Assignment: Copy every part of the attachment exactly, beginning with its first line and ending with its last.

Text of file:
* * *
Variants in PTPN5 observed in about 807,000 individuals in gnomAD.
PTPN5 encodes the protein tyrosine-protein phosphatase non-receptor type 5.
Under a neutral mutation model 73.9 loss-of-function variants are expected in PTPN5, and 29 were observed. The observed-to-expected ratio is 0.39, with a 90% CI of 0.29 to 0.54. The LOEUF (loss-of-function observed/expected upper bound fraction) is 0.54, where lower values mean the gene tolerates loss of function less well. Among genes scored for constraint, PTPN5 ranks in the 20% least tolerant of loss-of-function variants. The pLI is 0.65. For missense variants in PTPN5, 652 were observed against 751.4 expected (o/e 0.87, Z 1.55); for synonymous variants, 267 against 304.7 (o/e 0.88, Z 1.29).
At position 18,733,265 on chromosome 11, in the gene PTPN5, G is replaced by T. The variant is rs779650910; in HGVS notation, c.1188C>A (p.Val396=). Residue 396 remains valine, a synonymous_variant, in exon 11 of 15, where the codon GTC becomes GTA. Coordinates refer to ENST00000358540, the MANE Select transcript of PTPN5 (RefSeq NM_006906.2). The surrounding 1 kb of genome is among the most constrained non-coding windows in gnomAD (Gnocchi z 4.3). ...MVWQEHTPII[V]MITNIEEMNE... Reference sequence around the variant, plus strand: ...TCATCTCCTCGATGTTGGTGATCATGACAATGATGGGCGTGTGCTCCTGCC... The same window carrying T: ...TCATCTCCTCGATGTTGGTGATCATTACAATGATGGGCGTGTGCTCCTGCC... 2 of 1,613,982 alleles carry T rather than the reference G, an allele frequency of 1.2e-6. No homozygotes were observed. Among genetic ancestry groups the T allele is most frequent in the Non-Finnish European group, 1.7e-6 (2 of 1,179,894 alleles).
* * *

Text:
Variants in PTPN5 observed in about 807,000 individuals in gnomAD.
PTPN5 encodes the protein tyrosine-protein phosphatase non-receptor type 5.
Under a neutral mutation model 73.9 loss-of-function variants are expected in PTPN5, and 29 were observed. The observed-to-expected ratio is 0.39, with a 90% CI of 0.29 to 0.54. The LOEUF (loss-of-function observed/expected upper bound fraction) is 0.54, where lower values mean the gene tolerates loss of function less well. Among genes scored for constraint, PTPN5 ranks in the 20% least tolerant of loss-of-function variants. The pLI is 0.65. For missense variants in PTPN5, 652 were observed against 751.4 expected (o/e 0.87, Z 1.55); for synonymous variants, 267 against 304.7 (o/e 0.88, Z 1.29).
At position 18,733,265 on chromosome 11, in the gene PTPN5, G is replaced by T. The variant is rs779650910; in HGVS notation, c.1188C>A (p.Val396=). Residue 396 remains valine, a synonymous_variant, in exon 11 of 15, where the codon GTC becomes GTA. Coordinates refer to ENST00000358540, the MANE Select transcript of PTPN5 (RefSeq NM_006906.2). The surrounding 1 kb of genome is among the most constrained non-coding windows in gnomAD (Gnocchi z 4.3). ...MVWQEHTPII[V]MITNIEEMNE... Reference sequence around the variant, plus strand: ...TCATCTCCTCGATGTTGGTGATCATGACAATGATGGGCGTGTGCTCCTGCC... The same window carrying T: ...TCATCTCCTCGATGTTGGTGATCATTACAATGATGGGCGTGTGCTCCTGCC... 2 of 1,613,982 alleles carry T rather than the reference G, an allele frequency of 1.2e-6. No homozygotes were observed. Among genetic ancestry groups the T allele is most frequent in the Non-Finnish European group, 1.7e-6 (2 of 1,179,894 alleles).